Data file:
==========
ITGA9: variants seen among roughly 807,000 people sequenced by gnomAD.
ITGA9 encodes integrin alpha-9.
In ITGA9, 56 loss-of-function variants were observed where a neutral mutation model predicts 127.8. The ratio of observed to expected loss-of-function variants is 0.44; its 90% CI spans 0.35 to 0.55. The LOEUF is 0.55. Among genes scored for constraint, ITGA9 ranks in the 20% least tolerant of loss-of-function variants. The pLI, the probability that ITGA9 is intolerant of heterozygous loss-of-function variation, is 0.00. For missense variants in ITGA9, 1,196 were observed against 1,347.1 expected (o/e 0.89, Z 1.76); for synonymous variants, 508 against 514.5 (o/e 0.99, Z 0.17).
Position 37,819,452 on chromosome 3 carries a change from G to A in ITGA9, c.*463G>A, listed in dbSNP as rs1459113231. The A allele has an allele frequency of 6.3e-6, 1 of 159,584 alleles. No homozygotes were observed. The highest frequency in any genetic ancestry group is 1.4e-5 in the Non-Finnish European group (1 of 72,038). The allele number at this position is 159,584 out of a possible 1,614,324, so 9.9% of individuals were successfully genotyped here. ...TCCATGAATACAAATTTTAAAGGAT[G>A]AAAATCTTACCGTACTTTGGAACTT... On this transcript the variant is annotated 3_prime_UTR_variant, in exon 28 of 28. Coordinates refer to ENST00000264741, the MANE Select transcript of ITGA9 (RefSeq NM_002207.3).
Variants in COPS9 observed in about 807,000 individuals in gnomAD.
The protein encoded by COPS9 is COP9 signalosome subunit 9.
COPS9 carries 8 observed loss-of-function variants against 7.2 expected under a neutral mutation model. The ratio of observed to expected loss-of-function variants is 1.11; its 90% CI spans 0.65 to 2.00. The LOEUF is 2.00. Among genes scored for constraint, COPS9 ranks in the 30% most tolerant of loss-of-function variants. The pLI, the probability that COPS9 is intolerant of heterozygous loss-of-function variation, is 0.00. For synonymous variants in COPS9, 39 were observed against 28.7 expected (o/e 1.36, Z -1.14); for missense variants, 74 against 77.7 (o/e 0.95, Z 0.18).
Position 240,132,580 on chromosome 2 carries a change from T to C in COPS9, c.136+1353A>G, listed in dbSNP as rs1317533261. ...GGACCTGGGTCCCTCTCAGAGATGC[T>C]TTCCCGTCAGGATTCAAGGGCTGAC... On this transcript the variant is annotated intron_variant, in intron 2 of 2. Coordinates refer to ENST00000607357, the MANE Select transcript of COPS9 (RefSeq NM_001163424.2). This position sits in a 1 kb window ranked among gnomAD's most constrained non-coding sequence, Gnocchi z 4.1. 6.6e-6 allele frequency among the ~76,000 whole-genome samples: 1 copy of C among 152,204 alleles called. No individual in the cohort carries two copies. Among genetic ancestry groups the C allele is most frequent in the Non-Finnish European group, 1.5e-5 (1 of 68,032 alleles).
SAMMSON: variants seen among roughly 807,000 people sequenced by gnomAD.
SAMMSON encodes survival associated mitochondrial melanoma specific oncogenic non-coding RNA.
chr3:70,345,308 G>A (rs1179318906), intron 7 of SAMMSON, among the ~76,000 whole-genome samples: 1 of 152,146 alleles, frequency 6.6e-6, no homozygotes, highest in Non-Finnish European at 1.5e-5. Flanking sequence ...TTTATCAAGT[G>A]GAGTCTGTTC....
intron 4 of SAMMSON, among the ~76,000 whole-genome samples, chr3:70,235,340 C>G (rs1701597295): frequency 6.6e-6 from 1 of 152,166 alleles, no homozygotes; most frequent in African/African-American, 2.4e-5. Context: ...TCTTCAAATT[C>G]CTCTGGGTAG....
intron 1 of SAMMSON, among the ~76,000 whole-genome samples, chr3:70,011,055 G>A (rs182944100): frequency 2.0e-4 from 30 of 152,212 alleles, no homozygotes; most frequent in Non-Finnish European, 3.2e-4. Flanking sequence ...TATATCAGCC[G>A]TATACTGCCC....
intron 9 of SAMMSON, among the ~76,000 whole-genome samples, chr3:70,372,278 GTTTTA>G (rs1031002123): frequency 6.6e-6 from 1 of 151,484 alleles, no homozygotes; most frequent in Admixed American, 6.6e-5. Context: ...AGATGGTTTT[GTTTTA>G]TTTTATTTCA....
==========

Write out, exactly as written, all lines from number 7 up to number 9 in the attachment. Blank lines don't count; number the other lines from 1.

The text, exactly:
COPS9 carries 8 observed loss-of-function variants against 7.2 expected under a neutral mutation model. The ratio of observed to expected loss-of-function variants is 1.11; its 90% CI spans 0.65 to 2.00. The LOEUF is 2.00. Among genes scored for constraint, COPS9 ranks in the 30% most tolerant of loss-of-function variants. The pLI, the probability that COPS9 is intolerant of heterozygous loss-of-function variation, is 0.00. For synonymous variants in COPS9, 39 were observed against 28.7 expected (o/e 1.36, Z -1.14); for missense variants, 74 against 77.7 (o/e 0.95, Z 0.18).
Position 240,132,580 on chromosome 2 carries a change from T to C in COPS9, c.136+1353A>G, listed in dbSNP as rs1317533261. ...GGACCTGGGTCCCTCTCAGAGATGC[T>C]TTCCCGTCAGGATTCAAGGGCTGAC... On this transcript the variant is annotated intron_variant, in intron 2 of 2. Coordinates refer to ENST00000607357, the MANE Select transcript of COPS9 (RefSeq NM_001163424.2). This position sits in a 1 kb window ranked among gnomAD's most constrained non-coding sequence, Gnocchi z 4.1. 6.6e-6 allele frequency among the ~76,000 whole-genome samples: 1 copy of C among 152,204 alleles called. No individual in the cohort carries two copies. Among genetic ancestry groups the C allele is most frequent in the Non-Finnish European group, 1.5e-5 (1 of 68,032 alleles).
SAMMSON: variants seen among roughly 807,000 people sequenced by gnomAD.